This all happened in front of my son, so it was very hard to question them more about this so we left, absolutely reeling by this bombshell.
Should I be happy? Should I feel relieved? Well yes, I guess I should but that wasn’t how I felt.
Because, put quite simply, I felt that they were wrong.
His behaviour was put down to his dyspraxia, the dyspraxia diagnosis that had come a year before that had only been given because his “autism” was a barrier to his mild dyspraxia.
I was reeling, I rang my husband, who was equally shocked, and honestly angry. He couldn’t quite believe that the paediatrician, who doesn’t normally commit to a diagnosis prior to further testing, but did in our case, could have got it so wrong.
And of course it hadn’t been just the paediatrician who thought our boy was autistic, several experienced professionals had also believed this to be the right diagnosis.
A few days later my son started secondary school. I informed the SENCO of the diagnosis. To say he was shocked was an understatement but said that he should observe the first few weeks at school before we take any action.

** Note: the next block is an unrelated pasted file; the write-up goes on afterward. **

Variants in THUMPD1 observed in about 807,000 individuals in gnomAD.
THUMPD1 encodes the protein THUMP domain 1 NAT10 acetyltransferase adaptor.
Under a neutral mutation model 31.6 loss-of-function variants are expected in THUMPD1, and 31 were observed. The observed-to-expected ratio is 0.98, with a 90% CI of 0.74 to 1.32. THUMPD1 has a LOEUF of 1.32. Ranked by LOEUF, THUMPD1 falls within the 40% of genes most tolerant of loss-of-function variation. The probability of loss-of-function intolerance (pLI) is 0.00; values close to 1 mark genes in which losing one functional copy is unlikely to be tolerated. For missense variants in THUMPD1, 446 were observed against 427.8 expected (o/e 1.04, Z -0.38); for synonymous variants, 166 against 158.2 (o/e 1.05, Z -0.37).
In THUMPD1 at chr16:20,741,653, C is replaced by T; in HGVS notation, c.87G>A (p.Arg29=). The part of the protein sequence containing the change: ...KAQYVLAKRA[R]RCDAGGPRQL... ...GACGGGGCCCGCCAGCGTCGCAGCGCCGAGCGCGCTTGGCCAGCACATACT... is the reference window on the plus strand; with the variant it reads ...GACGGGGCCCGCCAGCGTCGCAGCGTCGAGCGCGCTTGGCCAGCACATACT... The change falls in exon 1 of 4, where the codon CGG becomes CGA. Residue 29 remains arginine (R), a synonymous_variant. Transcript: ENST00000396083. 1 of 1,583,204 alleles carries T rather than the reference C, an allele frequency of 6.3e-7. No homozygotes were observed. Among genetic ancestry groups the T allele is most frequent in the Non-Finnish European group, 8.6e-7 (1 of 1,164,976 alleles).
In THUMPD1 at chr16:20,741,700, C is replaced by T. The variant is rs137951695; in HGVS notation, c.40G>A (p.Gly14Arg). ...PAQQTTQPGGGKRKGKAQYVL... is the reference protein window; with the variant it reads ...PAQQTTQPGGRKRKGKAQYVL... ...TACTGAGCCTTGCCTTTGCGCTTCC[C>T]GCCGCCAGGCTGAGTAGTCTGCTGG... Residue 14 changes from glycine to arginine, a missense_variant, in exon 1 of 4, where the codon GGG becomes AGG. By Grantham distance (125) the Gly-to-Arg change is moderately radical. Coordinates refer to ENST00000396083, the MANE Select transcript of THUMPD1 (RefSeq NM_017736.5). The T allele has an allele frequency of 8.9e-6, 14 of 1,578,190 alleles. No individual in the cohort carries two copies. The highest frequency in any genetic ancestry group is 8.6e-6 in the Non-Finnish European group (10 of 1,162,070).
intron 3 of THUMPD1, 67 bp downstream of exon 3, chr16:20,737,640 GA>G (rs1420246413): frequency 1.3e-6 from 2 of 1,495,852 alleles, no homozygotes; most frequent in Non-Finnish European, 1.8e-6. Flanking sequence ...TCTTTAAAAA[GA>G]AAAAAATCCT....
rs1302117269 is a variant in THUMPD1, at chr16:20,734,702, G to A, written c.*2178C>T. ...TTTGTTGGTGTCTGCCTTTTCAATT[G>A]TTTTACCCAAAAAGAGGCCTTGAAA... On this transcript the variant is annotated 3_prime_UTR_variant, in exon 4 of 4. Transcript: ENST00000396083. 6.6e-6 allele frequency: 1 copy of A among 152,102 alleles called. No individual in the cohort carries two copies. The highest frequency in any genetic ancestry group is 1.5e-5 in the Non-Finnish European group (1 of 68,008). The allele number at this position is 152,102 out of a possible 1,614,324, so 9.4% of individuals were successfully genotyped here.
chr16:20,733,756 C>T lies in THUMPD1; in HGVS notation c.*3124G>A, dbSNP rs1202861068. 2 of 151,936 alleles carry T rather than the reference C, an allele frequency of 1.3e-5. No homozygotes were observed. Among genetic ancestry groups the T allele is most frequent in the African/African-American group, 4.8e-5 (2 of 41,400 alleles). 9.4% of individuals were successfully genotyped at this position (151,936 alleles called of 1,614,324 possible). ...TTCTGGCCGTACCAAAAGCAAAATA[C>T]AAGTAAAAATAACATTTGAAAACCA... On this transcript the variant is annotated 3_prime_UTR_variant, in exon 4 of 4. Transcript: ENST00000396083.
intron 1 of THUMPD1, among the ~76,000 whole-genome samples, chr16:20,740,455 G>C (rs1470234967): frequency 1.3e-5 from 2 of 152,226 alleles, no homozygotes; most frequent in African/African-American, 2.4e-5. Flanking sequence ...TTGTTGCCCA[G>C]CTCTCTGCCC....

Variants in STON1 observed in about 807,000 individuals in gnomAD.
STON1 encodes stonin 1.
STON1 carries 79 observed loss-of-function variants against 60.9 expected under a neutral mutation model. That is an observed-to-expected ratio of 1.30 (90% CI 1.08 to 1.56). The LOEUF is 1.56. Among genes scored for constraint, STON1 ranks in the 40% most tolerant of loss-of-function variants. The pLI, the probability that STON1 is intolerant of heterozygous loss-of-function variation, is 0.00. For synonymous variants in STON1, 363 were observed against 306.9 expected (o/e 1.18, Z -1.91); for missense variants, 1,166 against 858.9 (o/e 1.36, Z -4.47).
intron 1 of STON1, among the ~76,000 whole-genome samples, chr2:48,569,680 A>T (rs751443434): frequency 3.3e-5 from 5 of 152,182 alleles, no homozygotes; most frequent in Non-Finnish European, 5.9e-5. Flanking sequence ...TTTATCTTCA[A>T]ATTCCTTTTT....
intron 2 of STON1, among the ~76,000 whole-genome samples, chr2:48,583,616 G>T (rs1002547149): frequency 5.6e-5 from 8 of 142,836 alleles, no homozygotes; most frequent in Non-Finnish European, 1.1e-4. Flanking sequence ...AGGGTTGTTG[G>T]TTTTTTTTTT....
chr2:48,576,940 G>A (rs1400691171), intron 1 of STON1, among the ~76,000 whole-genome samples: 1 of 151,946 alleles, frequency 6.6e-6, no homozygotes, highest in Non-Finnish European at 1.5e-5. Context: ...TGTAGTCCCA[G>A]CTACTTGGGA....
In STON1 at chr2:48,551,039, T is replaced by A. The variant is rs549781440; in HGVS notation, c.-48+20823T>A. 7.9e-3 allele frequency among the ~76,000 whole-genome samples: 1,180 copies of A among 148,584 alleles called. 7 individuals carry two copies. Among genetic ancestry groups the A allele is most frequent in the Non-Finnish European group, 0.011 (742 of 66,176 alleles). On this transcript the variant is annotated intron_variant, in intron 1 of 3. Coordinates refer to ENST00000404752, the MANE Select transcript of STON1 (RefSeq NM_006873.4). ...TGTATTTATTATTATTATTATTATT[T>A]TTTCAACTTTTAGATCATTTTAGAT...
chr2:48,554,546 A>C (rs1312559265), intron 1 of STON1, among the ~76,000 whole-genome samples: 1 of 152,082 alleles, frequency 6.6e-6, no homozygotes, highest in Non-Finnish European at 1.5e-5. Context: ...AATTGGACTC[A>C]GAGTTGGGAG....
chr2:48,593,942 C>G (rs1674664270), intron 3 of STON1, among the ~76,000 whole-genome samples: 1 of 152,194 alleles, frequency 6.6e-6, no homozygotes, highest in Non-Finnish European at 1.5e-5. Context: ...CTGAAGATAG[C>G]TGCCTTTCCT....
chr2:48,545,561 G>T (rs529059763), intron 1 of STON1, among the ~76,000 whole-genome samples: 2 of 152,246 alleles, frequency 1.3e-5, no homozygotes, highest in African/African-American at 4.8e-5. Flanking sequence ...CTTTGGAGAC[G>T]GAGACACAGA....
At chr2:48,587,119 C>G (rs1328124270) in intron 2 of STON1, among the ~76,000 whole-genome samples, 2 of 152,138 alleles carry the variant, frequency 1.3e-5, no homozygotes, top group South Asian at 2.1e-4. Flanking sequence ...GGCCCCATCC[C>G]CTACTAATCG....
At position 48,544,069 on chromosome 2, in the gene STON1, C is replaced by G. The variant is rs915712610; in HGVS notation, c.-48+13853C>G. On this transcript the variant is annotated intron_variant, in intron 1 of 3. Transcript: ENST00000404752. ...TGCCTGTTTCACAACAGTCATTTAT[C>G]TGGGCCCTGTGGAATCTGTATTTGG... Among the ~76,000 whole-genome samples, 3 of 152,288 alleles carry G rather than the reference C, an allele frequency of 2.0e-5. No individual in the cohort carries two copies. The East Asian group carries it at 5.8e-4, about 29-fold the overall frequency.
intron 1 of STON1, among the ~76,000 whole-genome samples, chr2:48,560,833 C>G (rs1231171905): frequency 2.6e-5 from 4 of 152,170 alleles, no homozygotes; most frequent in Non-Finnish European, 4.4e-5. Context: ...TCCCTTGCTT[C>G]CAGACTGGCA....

Very quickly he felt that we should contact the paediatrician and ask for our boy to be reassessed citing that the SENCO had many concerns about our son.
Which is what I tried to do, but unfortunately the paediatrician had now left the hospital.
Many emails later, to no avail.
By this time, my son’s school life was deteriorating rapidly. He was being bullied and his anxiety was escalating.
Incidentally, my son had by now told me that he thought the doctor was wrong, he felt that he was autistic because he felt so different to his friends.
So we went to see our GP, I wanted it on record what was going on in Dominic’s life, the bullying, the anxiety, as we were considering home schooling.